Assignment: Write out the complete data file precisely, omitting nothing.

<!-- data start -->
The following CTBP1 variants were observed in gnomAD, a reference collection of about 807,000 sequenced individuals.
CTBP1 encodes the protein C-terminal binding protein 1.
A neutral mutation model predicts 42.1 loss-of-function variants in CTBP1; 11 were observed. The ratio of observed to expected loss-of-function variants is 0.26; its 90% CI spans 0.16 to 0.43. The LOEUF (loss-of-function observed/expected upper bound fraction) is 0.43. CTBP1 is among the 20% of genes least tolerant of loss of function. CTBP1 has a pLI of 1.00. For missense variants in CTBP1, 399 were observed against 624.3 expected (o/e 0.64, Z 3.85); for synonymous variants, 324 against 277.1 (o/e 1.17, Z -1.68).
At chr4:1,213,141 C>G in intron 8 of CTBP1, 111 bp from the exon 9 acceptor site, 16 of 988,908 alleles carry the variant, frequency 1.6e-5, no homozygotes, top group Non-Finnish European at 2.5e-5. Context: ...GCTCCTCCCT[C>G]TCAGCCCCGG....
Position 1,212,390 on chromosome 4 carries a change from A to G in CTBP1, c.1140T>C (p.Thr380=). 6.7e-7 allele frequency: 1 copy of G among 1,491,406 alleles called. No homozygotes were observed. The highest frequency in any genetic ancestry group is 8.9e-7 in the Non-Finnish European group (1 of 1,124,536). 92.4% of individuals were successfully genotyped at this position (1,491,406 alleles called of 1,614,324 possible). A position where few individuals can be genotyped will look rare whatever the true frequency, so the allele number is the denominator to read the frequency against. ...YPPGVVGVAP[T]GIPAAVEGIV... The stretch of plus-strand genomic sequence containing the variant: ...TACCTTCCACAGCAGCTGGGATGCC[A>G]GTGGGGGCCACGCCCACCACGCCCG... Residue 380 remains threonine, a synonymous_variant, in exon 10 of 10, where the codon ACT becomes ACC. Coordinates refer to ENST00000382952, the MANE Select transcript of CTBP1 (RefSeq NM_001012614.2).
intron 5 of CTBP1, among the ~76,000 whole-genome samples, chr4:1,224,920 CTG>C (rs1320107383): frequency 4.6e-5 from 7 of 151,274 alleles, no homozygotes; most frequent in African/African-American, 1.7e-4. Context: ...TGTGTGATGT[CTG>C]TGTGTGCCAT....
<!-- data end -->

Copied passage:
The following CTBP1 variants were observed in gnomAD, a reference collection of about 807,000 sequenced individuals.
CTBP1 encodes the protein C-terminal binding protein 1.
A neutral mutation model predicts 42.1 loss-of-function variants in CTBP1; 11 were observed. The ratio of observed to expected loss-of-function variants is 0.26; its 90% CI spans 0.16 to 0.43. The LOEUF (loss-of-function observed/expected upper bound fraction) is 0.43. CTBP1 is among the 20% of genes least tolerant of loss of function. CTBP1 has a pLI of 1.00. For missense variants in CTBP1, 399 were observed against 624.3 expected (o/e 0.64, Z 3.85); for synonymous variants, 324 against 277.1 (o/e 1.17, Z -1.68).
At chr4:1,213,141 C>G in intron 8 of CTBP1, 111 bp from the exon 9 acceptor site, 16 of 988,908 alleles carry the variant, frequency 1.6e-5, no homozygotes, top group Non-Finnish European at 2.5e-5. Context: ...GCTCCTCCCT[C>G]TCAGCCCCGG....
Position 1,212,390 on chromosome 4 carries a change from A to G in CTBP1, c.1140T>C (p.Thr380=). 6.7e-7 allele frequency: 1 copy of G among 1,491,406 alleles called. No homozygotes were observed. The highest frequency in any genetic ancestry group is 8.9e-7 in the Non-Finnish European group (1 of 1,124,536). 92.4% of individuals were successfully genotyped at this position (1,491,406 alleles called of 1,614,324 possible). A position where few individuals can be genotyped will look rare whatever the true frequency, so the allele number is the denominator to read the frequency against. ...YPPGVVGVAP[T]GIPAAVEGIV... The stretch of plus-strand genomic sequence containing the variant: ...TACCTTCCACAGCAGCTGGGATGCC[A>G]GTGGGGGCCACGCCCACCACGCCCG... Residue 380 remains threonine, a synonymous_variant, in exon 10 of 10, where the codon ACT becomes ACC. Coordinates refer to ENST00000382952, the MANE Select transcript of CTBP1 (RefSeq NM_001012614.2).
intron 5 of CTBP1, among the ~76,000 whole-genome samples, chr4:1,224,920 CTG>C (rs1320107383): frequency 4.6e-5 from 7 of 151,274 alleles, no homozygotes; most frequent in African/African-American, 1.7e-4. Context: ...TGTGTGATGT[CTG>C]TGTGTGCCAT....